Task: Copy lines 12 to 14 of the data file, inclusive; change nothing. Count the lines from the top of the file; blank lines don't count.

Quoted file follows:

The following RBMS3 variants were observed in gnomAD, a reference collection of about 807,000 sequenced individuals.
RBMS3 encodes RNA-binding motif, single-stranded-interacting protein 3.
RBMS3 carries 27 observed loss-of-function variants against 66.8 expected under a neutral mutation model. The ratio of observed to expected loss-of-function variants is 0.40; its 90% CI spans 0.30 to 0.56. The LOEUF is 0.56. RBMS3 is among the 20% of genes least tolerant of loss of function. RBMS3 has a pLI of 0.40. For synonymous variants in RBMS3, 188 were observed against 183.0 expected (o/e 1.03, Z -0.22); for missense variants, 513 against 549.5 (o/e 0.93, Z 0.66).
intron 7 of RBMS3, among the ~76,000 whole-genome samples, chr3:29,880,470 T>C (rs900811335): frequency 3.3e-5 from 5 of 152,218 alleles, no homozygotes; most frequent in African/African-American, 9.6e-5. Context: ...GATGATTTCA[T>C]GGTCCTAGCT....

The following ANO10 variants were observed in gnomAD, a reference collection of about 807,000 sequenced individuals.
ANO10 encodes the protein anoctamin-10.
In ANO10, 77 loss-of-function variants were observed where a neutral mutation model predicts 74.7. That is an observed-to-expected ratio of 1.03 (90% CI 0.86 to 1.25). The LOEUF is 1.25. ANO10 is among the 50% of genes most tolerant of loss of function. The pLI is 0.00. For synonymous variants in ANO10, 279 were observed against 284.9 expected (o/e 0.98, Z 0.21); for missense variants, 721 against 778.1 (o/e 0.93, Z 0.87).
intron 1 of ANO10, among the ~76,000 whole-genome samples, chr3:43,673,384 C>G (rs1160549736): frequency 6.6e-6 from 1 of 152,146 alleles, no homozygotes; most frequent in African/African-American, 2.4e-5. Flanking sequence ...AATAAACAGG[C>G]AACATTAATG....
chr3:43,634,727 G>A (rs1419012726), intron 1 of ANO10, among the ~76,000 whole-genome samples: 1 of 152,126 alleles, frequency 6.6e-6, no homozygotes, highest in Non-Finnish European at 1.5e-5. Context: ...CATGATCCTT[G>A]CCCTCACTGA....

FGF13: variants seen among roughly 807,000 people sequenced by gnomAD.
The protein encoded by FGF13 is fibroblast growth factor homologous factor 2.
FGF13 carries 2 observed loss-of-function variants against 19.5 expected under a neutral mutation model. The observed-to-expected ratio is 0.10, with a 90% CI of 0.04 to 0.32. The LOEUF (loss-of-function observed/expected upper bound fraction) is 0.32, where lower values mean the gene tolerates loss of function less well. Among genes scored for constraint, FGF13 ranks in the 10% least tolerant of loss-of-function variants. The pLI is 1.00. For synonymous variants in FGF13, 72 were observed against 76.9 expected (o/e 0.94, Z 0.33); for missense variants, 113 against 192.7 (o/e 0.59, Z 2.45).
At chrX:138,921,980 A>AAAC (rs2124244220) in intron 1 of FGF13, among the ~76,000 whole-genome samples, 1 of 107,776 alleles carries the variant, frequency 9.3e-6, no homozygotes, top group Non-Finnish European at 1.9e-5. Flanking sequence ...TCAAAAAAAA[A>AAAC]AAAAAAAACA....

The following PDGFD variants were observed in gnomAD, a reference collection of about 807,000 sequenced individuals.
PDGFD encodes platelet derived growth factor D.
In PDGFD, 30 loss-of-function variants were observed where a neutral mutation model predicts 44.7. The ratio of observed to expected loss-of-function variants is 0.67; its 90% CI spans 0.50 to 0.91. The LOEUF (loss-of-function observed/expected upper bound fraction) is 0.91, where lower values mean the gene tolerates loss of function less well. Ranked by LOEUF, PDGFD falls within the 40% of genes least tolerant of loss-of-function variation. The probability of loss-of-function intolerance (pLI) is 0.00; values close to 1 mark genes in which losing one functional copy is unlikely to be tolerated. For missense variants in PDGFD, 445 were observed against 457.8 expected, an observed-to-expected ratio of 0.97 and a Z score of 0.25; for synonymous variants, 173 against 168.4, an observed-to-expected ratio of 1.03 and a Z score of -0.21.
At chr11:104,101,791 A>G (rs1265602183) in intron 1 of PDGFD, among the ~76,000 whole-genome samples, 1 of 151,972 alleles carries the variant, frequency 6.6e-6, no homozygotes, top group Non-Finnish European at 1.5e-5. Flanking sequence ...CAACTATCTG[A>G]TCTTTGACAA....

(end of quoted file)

FGF13 carries 2 observed loss-of-function variants against 19.5 expected under a neutral mutation model. The observed-to-expected ratio is 0.10, with a 90% CI of 0.04 to 0.32. The LOEUF (loss-of-function observed/expected upper bound fraction) is 0.32, where lower values mean the gene tolerates loss of function less well. Among genes scored for constraint, FGF13 ranks in the 10% least tolerant of loss-of-function variants. The pLI is 1.00. For synonymous variants in FGF13, 72 were observed against 76.9 expected (o/e 0.94, Z 0.33); for missense variants, 113 against 192.7 (o/e 0.59, Z 2.45).
At chrX:138,921,980 A>AAAC (rs2124244220) in intron 1 of FGF13, among the ~76,000 whole-genome samples, 1 of 107,776 alleles carries the variant, frequency 9.3e-6, no homozygotes, top group Non-Finnish European at 1.9e-5. Flanking sequence ...TCAAAAAAAA[A>AAAC]AAAAAAAACA....

The following PDGFD variants were observed in gnomAD, a reference collection of about 807,000 sequenced individuals.